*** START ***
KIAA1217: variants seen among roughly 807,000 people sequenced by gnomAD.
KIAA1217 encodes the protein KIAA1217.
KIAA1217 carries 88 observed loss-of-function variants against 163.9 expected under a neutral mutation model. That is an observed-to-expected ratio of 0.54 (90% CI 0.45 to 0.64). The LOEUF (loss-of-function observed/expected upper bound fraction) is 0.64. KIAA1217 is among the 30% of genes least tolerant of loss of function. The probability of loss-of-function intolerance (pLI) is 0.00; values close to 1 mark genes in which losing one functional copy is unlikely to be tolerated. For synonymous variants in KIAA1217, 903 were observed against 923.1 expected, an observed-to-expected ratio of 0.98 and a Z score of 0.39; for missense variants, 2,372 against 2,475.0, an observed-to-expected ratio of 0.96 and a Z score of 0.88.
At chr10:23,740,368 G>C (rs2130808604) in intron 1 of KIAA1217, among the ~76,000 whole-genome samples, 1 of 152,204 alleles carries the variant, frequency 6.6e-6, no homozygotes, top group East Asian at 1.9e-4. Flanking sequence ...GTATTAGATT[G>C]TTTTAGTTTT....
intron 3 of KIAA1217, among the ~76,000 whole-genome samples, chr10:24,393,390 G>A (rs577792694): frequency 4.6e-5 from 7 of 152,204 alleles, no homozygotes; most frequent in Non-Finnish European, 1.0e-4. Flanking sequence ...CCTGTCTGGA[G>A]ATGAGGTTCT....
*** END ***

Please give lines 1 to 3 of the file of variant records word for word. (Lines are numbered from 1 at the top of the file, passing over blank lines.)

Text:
KIAA1217: variants seen among roughly 807,000 people sequenced by gnomAD.
KIAA1217 encodes the protein KIAA1217.
KIAA1217 carries 88 observed loss-of-function variants against 163.9 expected under a neutral mutation model. That is an observed-to-expected ratio of 0.54 (90% CI 0.45 to 0.64). The LOEUF (loss-of-function observed/expected upper bound fraction) is 0.64. KIAA1217 is among the 30% of genes least tolerant of loss of function. The probability of loss-of-function intolerance (pLI) is 0.00; values close to 1 mark genes in which losing one functional copy is unlikely to be tolerated. For synonymous variants in KIAA1217, 903 were observed against 923.1 expected, an observed-to-expected ratio of 0.98 and a Z score of 0.39; for missense variants, 2,372 against 2,475.0, an observed-to-expected ratio of 0.96 and a Z score of 0.88.